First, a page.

The Consciousness Of Sustainability And Growing Organic Food. Digging The Dirt Out Of Our Thinking Before We Plant One Seed In The Ground.

I am glad that so many Occupiers all over the country have been taking my advice and trying to start communities and grow organic food. But sustainable living is not just a physical thing that we do and goals of things to accomplish. Long-lasting and continually evolving sustainable living is a shift in consciousness, a state of being. It is a total lifestyle and a way of thinking and doing that is not done in part.

Thirty years ago I co-founded, with Niánn Emerson Chase, a vision of sustainable community living that turned into a reality. Now we live with nearly 120 people from all over the world in a beautiful 220-acre EcoVillage in southern Arizona. I want to share some of the reasons why more people should start communities like this and how they can succeed.

In order to manifest independence from the system and the 1%, it must begin in our mind, in our consciousness that determines our decisions and actions. And we can’t do it alone. It’s going to have to be with a group of individuals, all working together to make this independence happen.

Buying land together may be the first physical step, building “green” the second, but before you do either one, you should have many meetings together, deciding how to live in a “green”, sustainable consciousness, because really we are the permaculture—the new culture.

Perhaps the most important part of sustainable living is interpersonal sustainability. There needs to be efficient and effective conflict resolution. Values-systems must be taught to adults and children so that there is a unifying goal of self-improvement as well as community improvement. Through many years of blood, sweat, and tears, we have created a wonderful sub-culture of individuals who love each other deeply, are encouraged to hold each other accountable to higher ways of relating, and constantly seek for ways of being more selfless and service-oriented. Any potential new member must be willing to change, or they will likely cause trouble for the group.

Living “in community” interdependently, we have to learn “to live and let live”. If you move to a rural intentional community, you have to get used to the sounds of children playing and laughing right outside your window, of people using a kitchen appliance while you may still be in bed, of cows mooing, goats bleating, chickens clucking, horses whinnying, and tractors plowing the fields. It’s a different type of sound from what we would hear from a city apartment’s window—the constant hum of trucks, cars, and trains; honking horns; screeching sirens; several radios blaring at the same time on different stations; and so on. In intentional community, you’re not living alone anymore (or with just your small nuclear family).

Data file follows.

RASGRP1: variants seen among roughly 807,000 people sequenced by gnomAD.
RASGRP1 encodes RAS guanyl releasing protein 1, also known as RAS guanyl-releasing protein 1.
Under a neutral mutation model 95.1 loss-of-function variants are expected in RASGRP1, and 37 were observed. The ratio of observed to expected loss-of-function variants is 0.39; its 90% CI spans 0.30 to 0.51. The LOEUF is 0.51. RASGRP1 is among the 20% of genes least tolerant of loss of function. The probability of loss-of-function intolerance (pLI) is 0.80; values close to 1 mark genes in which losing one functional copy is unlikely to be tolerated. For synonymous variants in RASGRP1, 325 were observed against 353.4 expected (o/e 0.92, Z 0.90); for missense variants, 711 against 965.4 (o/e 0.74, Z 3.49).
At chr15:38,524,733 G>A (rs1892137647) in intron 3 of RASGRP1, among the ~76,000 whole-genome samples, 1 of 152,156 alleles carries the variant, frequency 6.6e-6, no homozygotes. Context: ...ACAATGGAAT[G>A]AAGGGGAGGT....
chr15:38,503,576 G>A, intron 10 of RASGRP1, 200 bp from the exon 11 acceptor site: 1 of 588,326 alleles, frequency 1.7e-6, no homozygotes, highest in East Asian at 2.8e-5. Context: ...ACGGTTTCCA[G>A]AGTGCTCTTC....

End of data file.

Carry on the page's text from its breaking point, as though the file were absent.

Jesus said 2,000 years ago that the first-century followers of God should break bread together, go house to house, and have all things in common. Today there is a popular saying that “thick walls make for good neighbors,” but in a true community there should be many houses on the same land and no fences, except for those fences to protect the animals from predators and for safety reasons.

Many Native American tribes and other tribal cultures did not have fences to separate themselves from their fellow tribesmen. Fences that separate people from each other are a white man’s invention. Peaceful tribal peoples understand the way of true living together in community and were not the “savages” the white man made them out to be. They actually enjoyed each other’s children; they enjoyed the sound of their cries and playful times. They enjoyed the sound of their animals.

In the world of over-consumerism and self-serving values, people are always running around trying to be seen by the right people, buy the right thing, wear the right clothes, and go to the right event. This modern consciousness madness is so inbred in Western civilization today that many people miss one of the greatest things that they can do for humanity, and that is, slow down and give someone a smile or a kind hello, take time to really know another person. In true community life, whether in a city apartment complex or suburban townhouse or in a small farming town, there should be more time to have an experience with another human being of quality time. It is easier to do that in a rural, agrarian lifestyle where the pace is slower, people pay more attention to each other, and they are more “at home” with nature.

You’d be surprised what you can share with each other of physical things in a community of people with sustainable consciousness—not just clothing but getting together as a group and watching a worthwhile film together. Afterwards, people can take time to discuss the film—its meaning, messages, and artistic strengths.

Many people have the consciousness of “bigger is better” and “more is better”. However, in forming a community, even if you have the money, you should consider how much land you want to buy. You better think twice about how many acres you’re really going to be able to plant, maintain, harvest, and steward. All you may need, if you have just a few people, is a few acres. The more people you have, the more acreage you’ll need. If you have the finances of buying many acres and just planting on a few of them, letting the others sit, great! But even those few acres are going to take a lot of work, and it’s going to take equipment to work that land.